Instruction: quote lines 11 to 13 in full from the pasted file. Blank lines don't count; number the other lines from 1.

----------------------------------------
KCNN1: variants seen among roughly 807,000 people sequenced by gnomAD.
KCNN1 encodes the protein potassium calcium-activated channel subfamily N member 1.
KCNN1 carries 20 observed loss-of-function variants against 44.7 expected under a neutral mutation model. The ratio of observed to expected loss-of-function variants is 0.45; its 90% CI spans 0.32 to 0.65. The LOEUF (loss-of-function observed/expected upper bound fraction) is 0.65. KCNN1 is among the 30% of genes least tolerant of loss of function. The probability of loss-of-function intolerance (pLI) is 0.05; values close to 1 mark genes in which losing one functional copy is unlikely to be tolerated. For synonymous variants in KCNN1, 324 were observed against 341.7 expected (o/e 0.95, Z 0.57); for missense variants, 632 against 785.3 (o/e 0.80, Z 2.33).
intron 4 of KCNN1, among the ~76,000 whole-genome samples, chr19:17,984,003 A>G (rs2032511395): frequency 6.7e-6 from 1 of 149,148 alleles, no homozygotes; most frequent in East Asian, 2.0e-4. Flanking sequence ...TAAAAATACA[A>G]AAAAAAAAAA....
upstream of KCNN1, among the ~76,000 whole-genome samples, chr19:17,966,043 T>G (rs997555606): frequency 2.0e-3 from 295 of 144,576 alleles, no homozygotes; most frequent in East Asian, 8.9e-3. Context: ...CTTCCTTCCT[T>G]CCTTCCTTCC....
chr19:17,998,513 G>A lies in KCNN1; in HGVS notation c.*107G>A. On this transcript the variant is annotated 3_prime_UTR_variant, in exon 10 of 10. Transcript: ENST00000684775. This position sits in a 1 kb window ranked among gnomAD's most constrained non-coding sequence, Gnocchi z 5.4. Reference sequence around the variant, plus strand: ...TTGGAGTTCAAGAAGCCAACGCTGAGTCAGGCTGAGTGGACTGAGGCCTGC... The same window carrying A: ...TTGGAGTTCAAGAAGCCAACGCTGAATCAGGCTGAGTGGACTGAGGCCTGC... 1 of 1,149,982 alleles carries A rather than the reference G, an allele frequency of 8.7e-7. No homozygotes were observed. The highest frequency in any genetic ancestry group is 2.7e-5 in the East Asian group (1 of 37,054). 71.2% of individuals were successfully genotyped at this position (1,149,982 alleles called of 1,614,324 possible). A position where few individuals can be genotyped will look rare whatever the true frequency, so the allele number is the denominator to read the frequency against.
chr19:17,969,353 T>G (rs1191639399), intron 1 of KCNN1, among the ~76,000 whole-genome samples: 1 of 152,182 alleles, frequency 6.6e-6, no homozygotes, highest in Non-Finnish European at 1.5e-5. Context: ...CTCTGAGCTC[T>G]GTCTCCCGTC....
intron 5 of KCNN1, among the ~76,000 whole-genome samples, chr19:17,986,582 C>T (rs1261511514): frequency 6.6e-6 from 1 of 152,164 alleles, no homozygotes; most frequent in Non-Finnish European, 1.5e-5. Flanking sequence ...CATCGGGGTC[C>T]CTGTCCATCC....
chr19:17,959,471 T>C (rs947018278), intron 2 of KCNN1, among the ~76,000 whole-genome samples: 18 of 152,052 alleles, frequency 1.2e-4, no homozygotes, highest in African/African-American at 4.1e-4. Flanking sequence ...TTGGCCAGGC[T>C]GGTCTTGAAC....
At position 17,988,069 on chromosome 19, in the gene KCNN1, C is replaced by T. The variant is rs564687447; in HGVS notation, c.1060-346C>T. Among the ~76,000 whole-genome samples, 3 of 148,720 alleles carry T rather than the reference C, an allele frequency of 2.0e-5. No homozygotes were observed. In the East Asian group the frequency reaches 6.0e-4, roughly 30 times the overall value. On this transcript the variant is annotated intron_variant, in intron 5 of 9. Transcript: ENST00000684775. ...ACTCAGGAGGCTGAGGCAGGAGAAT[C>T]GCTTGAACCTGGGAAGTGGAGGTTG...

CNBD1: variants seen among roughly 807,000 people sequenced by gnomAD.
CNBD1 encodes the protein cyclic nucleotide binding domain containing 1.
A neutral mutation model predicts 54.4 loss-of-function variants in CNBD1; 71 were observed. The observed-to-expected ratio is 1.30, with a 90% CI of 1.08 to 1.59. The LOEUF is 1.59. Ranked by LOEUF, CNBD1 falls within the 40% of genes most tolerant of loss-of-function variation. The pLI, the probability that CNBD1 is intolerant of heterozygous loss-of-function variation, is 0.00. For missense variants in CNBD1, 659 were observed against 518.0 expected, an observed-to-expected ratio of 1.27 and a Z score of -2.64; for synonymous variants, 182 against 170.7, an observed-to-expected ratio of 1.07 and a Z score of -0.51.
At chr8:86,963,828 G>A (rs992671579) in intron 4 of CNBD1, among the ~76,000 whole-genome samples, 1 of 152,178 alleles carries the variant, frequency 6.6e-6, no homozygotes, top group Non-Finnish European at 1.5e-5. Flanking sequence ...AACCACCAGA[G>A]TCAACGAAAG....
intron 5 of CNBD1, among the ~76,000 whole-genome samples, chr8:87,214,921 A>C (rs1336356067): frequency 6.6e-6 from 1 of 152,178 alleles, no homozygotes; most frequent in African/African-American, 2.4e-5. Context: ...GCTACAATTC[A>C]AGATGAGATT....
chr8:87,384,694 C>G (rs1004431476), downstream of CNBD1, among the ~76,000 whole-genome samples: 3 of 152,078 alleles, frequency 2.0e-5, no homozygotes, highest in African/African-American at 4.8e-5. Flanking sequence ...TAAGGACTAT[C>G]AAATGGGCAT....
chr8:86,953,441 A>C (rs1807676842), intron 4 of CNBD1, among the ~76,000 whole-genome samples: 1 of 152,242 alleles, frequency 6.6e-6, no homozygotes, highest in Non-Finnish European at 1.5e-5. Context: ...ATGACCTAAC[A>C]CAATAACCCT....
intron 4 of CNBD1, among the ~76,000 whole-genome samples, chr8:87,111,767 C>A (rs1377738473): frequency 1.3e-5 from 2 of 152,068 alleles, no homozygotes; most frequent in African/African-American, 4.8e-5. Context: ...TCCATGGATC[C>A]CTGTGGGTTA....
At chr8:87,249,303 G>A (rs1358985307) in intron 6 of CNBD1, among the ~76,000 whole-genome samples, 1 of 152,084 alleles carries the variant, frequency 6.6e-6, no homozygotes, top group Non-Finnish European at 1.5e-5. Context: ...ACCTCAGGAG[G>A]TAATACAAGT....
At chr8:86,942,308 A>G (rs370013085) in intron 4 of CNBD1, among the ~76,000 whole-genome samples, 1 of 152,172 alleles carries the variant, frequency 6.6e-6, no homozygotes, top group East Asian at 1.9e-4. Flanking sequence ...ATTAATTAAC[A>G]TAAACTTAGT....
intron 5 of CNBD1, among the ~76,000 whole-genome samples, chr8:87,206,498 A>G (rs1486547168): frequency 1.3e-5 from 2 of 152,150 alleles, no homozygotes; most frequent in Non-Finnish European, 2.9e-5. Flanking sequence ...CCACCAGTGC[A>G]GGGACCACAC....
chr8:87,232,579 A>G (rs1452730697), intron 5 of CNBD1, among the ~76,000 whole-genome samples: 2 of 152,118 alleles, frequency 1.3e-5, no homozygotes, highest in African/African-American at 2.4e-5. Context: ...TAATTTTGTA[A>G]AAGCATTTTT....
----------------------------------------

CNBD1: variants seen among roughly 807,000 people sequenced by gnomAD.
CNBD1 encodes the protein cyclic nucleotide binding domain containing 1.
A neutral mutation model predicts 54.4 loss-of-function variants in CNBD1; 71 were observed. The observed-to-expected ratio is 1.30, with a 90% CI of 1.08 to 1.59. The LOEUF is 1.59. Ranked by LOEUF, CNBD1 falls within the 40% of genes most tolerant of loss-of-function variation. The pLI, the probability that CNBD1 is intolerant of heterozygous loss-of-function variation, is 0.00. For missense variants in CNBD1, 659 were observed against 518.0 expected, an observed-to-expected ratio of 1.27 and a Z score of -2.64; for synonymous variants, 182 against 170.7, an observed-to-expected ratio of 1.07 and a Z score of -0.51.